Sending metta?

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Sending metta?

Postby Ngawang Drolma. » Wed Aug 26, 2009 12:45 am

In Theravada, if a loved one dies (a person or an animal), is there anything you can do on their behalf? Like sending metta?
My best buddy for the last 13 years, Dixie, passed away Sunday night. Any metta dedications would be very appreciated. But I don't know if that's a common thing to do in Theravada.

:anjali:


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Re: Sending metta?

Postby Guy » Wed Aug 26, 2009 1:16 am

Hi Ngawang Drolma,

I don't know if it's a common thing to do either, but I don't think it really matters. I'll send some Metta to Dixie anyway. :heart:

With Metta,

Guy
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1) Giving; expecting nothing back in return
2) Throwing things away
3) Contentment; wanting to be here, not wanting to be anywhere else
4) "Teflon Mind"; having a mind which doesn't accumulate things

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Re: Sending metta?

Postby retrofuturist » Wed Aug 26, 2009 1:22 am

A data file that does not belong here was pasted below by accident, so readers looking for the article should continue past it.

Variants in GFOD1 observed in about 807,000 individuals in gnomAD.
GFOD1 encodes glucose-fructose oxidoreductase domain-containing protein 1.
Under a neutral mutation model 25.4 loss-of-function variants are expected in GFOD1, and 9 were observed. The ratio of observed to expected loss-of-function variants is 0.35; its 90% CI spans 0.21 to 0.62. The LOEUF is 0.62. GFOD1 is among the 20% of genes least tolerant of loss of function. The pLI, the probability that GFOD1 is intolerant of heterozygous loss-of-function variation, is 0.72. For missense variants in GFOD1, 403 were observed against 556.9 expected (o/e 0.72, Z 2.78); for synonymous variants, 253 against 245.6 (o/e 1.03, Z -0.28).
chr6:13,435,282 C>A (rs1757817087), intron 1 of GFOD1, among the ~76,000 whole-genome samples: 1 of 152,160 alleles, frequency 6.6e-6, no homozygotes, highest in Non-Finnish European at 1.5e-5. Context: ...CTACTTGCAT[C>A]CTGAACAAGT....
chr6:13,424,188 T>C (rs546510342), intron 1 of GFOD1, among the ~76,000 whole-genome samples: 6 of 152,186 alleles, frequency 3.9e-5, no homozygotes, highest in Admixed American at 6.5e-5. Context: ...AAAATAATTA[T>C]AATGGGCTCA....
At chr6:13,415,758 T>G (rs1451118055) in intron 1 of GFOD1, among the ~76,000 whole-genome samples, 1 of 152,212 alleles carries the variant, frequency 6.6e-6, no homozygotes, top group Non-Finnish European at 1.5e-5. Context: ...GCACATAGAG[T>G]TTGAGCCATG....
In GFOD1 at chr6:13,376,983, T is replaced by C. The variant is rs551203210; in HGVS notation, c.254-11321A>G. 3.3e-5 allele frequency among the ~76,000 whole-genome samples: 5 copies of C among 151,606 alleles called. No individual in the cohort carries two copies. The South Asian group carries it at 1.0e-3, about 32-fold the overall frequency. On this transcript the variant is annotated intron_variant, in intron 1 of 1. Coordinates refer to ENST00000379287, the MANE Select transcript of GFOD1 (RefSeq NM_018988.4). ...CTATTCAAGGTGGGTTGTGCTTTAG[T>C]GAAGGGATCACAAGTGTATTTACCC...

Greetings Laura,

There is the concept of dedication of merit to the deceased, but it is debatable whether these are actually "received" by anyone, or whether it's simply a better, more productive way to respond to death than to wallow and grieve.

Strictly speaking, the deceased are not appropriate subjects of metta. I remember Ben speaking about this recently... and hopefully he can point us in the direction of an appropriate resource.

And finally, something for you...

Snp 3.8 - Salla Sutta: The Arrow
http://www.accesstoinsight.org/tipitaka ... .irel.html

All the best.

Metta,
Retro. :)
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Re: Sending metta?

Postby Ngawang Drolma. » Wed Aug 26, 2009 1:33 am

"In this manner the world is afflicted by death and decay. But the wise do not grieve, having realized the nature of the world. You do not know the path by which they came or departed. Not seeing either end you lament in vain. If any benefit is gained by lamenting, the wise would do it. Only a fool would harm himself. Yet through weeping and sorrowing the mind does not become calm, but still more suffering is produced, the body is harmed and one becomes lean and pale, one merely hurts oneself. One cannot protect a departed one (peta) by that means. To grieve is in vain.


Thank you both :anjali:
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Re: Sending metta?

Postby zavk » Wed Aug 26, 2009 2:13 am

Sorry to hear about Dixie.
With metta,
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Re: Sending metta?